Sensor designed to improve vision of subaqueous vehicles
Subaqueous vehicles will helps the oil and gas industry with inspecting underwater pipelines and more.
Underwater exploration is becoming more common, thanks to subaqueous vehicles that have capabilities to photograph and collect data at deeper depths and for longer periods of time. These vehicles require the best imaging devices, research that LSU Engineering professors Jinwei Ye and Corina Barbalata are working on thanks to a three-year National Science Foundation grant.
“We propose to develop novel angularly-sampled imaging systems and computational algorithms to advance the vision-sensing capacity of underwater vehicles,” Ye said. “The key idea is to couple angularly-encoded light sources with an angularly-sampled imaging device to acquire correspondences among light rays. We’ll integrate our imaging system with underwater marine vehicles and use it to facilitate robotic applications, such as autonomous navigation and sea floor mapping.”
The project will benefit the oil and gas industry, which can use it to inspect underwater pipelines; the military, which may be able to use their sensing technology for submarines and decreasing the cost, challenges, and risks associated with ocean exploration; and for researchers studying sea life and coral reefs.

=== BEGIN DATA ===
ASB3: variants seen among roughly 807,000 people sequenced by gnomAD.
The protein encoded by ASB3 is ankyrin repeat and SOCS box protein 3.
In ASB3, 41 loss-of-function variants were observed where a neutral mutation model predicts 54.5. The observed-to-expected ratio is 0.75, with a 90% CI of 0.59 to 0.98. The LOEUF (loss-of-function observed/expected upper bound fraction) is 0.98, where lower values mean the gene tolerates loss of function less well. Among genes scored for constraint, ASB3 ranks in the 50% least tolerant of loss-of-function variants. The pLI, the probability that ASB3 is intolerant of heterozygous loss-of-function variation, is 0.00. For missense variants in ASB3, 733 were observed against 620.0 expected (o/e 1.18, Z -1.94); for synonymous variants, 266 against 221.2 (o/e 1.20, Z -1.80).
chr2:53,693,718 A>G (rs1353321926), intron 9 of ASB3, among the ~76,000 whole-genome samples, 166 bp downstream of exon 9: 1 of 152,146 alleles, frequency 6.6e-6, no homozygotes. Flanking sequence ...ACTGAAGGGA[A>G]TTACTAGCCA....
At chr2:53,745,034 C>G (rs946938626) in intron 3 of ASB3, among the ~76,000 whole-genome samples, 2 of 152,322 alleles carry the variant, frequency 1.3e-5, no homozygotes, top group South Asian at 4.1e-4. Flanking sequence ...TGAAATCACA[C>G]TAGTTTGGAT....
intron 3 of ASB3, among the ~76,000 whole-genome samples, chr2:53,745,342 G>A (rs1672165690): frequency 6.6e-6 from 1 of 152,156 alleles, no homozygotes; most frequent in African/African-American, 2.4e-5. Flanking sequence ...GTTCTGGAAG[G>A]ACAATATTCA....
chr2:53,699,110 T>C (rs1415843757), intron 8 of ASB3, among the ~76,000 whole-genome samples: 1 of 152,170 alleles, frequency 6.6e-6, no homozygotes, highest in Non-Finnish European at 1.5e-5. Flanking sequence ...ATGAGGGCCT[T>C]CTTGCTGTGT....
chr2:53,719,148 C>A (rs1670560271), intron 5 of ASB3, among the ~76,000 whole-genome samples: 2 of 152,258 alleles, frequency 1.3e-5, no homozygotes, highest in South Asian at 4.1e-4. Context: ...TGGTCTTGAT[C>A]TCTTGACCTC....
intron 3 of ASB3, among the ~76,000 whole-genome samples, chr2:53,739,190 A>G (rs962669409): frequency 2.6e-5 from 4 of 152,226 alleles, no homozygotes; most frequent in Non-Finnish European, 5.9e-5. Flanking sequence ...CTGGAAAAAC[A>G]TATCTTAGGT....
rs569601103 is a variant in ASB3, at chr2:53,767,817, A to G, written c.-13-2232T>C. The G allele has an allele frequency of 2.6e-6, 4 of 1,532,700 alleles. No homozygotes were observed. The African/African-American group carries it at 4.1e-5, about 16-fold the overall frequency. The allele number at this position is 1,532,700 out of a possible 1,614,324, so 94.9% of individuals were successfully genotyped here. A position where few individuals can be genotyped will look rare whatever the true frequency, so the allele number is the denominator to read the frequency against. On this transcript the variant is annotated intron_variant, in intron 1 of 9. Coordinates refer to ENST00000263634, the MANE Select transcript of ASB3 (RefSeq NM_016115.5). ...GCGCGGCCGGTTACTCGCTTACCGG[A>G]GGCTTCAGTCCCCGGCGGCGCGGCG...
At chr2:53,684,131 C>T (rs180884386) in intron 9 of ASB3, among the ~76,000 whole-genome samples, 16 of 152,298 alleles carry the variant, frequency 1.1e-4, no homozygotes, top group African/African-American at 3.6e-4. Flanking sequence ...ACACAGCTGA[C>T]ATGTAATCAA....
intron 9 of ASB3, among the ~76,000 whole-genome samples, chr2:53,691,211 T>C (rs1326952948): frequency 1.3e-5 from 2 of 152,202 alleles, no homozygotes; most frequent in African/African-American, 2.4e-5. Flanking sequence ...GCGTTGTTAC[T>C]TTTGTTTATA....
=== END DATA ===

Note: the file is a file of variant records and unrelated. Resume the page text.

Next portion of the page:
Ye, an adjunct faculty member in the LSU Division of Computer Science and Engineering, said the first year of the project will be simulation, algorithm design, and theory development, while the second year will be experimentation in a water tank. The last year will involve field experiments in the Gulf of Mexico or nearby lakes.
Barbalata, an assistant professor in the LSU Department of Mechanical & Industrial Engineering, is helping with the testing of the imaging system that will be deployed in subaqueous vehicles and used to help the vehicle navigate the environment.
“We are going to look at tracking various aspects in the underwater environment and design a control structure based on this computational imaging system,” she said.
“The most challenging part of designing an underwater imaging system is to cope with the low visibility in murky water,” said Zhang Chen, a postdoctoral student who is working with Ye on the imaging system design for the project. “We design smart light sources whose emitted light rays are coupled with the receiving camera in order to ‘dodge’ the scattering particles in water.”
Ye said the underwater environment is very different from land, so the cameras they use must be designed differently.
“The better the robots can see, the better they can survey, and that info can be used as feedback for robot control,” she said.
Original content can be found at Oil and Gas Engineering.